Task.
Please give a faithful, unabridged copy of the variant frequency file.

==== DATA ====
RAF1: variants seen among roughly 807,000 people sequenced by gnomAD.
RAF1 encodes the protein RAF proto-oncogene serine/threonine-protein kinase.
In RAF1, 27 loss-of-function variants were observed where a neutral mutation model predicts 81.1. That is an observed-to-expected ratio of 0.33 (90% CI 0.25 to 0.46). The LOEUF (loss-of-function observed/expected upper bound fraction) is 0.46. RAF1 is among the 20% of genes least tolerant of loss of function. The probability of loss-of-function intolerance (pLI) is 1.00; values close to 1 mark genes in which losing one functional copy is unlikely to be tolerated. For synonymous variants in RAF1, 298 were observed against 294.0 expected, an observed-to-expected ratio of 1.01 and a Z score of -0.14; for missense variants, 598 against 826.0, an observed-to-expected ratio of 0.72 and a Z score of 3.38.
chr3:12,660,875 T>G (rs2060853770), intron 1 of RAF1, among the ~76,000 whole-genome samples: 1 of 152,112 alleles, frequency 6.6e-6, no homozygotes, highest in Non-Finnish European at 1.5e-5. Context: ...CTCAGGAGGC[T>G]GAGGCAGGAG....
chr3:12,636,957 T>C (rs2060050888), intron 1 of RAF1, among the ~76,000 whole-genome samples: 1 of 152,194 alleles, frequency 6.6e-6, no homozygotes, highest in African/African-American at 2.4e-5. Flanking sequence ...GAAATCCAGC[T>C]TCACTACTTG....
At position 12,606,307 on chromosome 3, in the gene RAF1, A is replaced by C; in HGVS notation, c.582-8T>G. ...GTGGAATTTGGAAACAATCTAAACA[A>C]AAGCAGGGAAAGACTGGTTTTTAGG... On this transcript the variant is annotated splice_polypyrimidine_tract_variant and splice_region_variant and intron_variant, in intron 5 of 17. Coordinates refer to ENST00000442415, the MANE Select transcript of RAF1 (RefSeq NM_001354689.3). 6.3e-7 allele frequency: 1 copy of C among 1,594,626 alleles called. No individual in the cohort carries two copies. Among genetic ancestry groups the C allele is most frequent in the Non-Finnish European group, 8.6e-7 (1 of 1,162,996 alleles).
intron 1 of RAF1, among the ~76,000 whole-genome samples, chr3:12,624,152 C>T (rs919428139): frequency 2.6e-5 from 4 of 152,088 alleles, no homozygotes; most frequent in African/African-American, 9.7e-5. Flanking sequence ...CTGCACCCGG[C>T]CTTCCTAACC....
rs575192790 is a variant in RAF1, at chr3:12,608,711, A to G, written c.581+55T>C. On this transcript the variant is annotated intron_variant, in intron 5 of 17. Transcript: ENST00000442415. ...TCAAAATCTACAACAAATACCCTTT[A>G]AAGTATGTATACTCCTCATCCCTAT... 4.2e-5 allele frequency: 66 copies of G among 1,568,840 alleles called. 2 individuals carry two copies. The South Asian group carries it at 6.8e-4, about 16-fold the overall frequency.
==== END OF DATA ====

RAF1: variants seen among roughly 807,000 people sequenced by gnomAD.
RAF1 encodes the protein RAF proto-oncogene serine/threonine-protein kinase.
In RAF1, 27 loss-of-function variants were observed where a neutral mutation model predicts 81.1. That is an observed-to-expected ratio of 0.33 (90% CI 0.25 to 0.46). The LOEUF (loss-of-function observed/expected upper bound fraction) is 0.46. RAF1 is among the 20% of genes least tolerant of loss of function. The probability of loss-of-function intolerance (pLI) is 1.00; values close to 1 mark genes in which losing one functional copy is unlikely to be tolerated. For synonymous variants in RAF1, 298 were observed against 294.0 expected, an observed-to-expected ratio of 1.01 and a Z score of -0.14; for missense variants, 598 against 826.0, an observed-to-expected ratio of 0.72 and a Z score of 3.38.
chr3:12,660,875 T>G (rs2060853770), intron 1 of RAF1, among the ~76,000 whole-genome samples: 1 of 152,112 alleles, frequency 6.6e-6, no homozygotes, highest in Non-Finnish European at 1.5e-5. Context: ...CTCAGGAGGC[T>G]GAGGCAGGAG....
chr3:12,636,957 T>C (rs2060050888), intron 1 of RAF1, among the ~76,000 whole-genome samples: 1 of 152,194 alleles, frequency 6.6e-6, no homozygotes, highest in African/African-American at 2.4e-5. Flanking sequence ...GAAATCCAGC[T>C]TCACTACTTG....
At position 12,606,307 on chromosome 3, in the gene RAF1, A is replaced by C; in HGVS notation, c.582-8T>G. ...GTGGAATTTGGAAACAATCTAAACA[A>C]AAGCAGGGAAAGACTGGTTTTTAGG... On this transcript the variant is annotated splice_polypyrimidine_tract_variant and splice_region_variant and intron_variant, in intron 5 of 17. Coordinates refer to ENST00000442415, the MANE Select transcript of RAF1 (RefSeq NM_001354689.3). 6.3e-7 allele frequency: 1 copy of C among 1,594,626 alleles called. No individual in the cohort carries two copies. Among genetic ancestry groups the C allele is most frequent in the Non-Finnish European group, 8.6e-7 (1 of 1,162,996 alleles).
intron 1 of RAF1, among the ~76,000 whole-genome samples, chr3:12,624,152 C>T (rs919428139): frequency 2.6e-5 from 4 of 152,088 alleles, no homozygotes; most frequent in African/African-American, 9.7e-5. Flanking sequence ...CTGCACCCGG[C>T]CTTCCTAACC....
rs575192790 is a variant in RAF1, at chr3:12,608,711, A to G, written c.581+55T>C. On this transcript the variant is annotated intron_variant, in intron 5 of 17. Transcript: ENST00000442415. ...TCAAAATCTACAACAAATACCCTTT[A>G]AAGTATGTATACTCCTCATCCCTAT... 4.2e-5 allele frequency: 66 copies of G among 1,568,840 alleles called. 2 individuals carry two copies. The South Asian group carries it at 6.8e-4, about 16-fold the overall frequency.